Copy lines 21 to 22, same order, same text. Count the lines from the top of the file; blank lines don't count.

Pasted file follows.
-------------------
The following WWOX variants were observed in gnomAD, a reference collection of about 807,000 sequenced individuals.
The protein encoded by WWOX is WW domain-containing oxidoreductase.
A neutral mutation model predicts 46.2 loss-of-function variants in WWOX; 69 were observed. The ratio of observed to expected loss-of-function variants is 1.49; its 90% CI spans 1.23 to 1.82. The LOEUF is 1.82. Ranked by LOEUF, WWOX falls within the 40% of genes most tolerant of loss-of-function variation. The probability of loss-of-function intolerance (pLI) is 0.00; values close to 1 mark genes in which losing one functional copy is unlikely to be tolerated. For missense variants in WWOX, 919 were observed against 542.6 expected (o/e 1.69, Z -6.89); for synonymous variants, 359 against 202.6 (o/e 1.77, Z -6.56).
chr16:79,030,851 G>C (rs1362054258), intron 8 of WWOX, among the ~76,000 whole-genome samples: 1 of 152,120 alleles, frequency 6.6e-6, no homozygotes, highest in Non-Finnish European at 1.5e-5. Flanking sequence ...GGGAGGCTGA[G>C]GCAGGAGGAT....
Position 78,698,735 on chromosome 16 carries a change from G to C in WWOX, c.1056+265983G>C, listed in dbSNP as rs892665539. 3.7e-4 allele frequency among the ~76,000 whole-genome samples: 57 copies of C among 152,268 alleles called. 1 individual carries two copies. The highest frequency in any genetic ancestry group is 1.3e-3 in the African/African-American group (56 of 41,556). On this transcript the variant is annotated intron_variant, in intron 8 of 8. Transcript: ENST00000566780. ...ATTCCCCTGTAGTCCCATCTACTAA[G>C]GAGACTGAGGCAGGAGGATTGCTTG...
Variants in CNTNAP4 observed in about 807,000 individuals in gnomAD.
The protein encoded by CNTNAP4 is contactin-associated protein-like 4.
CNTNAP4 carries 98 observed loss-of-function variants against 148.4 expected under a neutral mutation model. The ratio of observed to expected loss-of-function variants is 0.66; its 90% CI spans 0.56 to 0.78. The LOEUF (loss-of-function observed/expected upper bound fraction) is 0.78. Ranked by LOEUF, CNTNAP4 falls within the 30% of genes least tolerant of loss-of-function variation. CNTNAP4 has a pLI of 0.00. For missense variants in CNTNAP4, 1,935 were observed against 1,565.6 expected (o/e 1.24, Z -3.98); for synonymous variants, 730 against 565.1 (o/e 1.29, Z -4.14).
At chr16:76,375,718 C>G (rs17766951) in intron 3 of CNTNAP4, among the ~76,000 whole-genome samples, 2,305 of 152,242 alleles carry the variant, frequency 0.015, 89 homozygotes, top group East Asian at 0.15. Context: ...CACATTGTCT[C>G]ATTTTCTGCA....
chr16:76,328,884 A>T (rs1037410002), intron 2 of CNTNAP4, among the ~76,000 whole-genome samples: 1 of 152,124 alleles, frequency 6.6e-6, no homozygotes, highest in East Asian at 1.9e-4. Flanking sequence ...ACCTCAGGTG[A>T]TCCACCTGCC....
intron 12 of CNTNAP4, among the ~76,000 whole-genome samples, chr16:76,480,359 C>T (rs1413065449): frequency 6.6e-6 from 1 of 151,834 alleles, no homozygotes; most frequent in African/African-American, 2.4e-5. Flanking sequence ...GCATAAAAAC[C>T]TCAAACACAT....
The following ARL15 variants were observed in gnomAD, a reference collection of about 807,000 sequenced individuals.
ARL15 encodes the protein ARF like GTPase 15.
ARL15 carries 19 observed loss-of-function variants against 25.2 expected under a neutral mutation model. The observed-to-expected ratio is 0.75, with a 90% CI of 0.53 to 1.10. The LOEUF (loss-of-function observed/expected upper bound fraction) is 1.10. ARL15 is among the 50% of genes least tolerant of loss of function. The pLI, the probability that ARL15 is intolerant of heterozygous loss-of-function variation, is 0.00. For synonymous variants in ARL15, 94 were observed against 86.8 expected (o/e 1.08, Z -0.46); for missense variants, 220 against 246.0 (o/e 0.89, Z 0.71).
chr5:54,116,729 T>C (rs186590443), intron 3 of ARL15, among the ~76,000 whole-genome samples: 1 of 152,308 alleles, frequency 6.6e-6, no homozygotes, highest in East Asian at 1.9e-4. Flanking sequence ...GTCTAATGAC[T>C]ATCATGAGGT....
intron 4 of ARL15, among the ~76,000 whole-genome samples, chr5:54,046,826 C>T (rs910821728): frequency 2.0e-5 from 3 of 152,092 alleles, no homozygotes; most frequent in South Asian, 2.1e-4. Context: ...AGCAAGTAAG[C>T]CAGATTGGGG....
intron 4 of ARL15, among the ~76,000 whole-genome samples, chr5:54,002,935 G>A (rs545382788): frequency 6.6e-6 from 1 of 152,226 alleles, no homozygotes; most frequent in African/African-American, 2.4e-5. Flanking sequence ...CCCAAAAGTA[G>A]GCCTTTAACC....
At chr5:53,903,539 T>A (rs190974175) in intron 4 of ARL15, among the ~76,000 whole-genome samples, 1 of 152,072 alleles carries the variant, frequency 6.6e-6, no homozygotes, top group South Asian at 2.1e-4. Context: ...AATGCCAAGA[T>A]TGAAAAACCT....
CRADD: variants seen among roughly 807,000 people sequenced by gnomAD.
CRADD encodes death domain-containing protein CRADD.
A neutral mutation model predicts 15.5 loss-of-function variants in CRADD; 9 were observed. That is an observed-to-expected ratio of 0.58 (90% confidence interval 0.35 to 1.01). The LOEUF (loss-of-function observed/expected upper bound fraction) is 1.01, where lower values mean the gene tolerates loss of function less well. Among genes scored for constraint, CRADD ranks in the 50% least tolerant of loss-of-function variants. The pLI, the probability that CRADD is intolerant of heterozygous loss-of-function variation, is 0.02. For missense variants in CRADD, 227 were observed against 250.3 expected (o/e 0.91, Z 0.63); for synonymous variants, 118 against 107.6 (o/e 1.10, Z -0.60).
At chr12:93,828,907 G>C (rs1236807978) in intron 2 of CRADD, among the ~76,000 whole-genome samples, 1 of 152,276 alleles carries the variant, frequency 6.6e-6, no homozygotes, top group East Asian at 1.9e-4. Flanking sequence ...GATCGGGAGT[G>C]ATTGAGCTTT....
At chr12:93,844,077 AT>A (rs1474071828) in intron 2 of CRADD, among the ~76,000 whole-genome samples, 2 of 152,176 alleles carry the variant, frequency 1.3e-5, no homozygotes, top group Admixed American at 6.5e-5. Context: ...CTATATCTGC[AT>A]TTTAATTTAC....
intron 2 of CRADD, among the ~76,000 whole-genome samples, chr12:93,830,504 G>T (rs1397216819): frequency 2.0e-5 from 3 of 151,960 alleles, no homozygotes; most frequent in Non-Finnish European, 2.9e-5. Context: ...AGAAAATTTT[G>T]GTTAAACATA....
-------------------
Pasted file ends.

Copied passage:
A neutral mutation model predicts 15.5 loss-of-function variants in CRADD; 9 were observed. That is an observed-to-expected ratio of 0.58 (90% confidence interval 0.35 to 1.01). The LOEUF (loss-of-function observed/expected upper bound fraction) is 1.01, where lower values mean the gene tolerates loss of function less well. Among genes scored for constraint, CRADD ranks in the 50% least tolerant of loss-of-function variants. The pLI, the probability that CRADD is intolerant of heterozygous loss-of-function variation, is 0.02. For missense variants in CRADD, 227 were observed against 250.3 expected (o/e 0.91, Z 0.63); for synonymous variants, 118 against 107.6 (o/e 1.10, Z -0.60).
At chr12:93,828,907 G>C (rs1236807978) in intron 2 of CRADD, among the ~76,000 whole-genome samples, 1 of 152,276 alleles carries the variant, frequency 6.6e-6, no homozygotes, top group East Asian at 1.9e-4. Flanking sequence ...GATCGGGAGT[G>C]ATTGAGCTTT....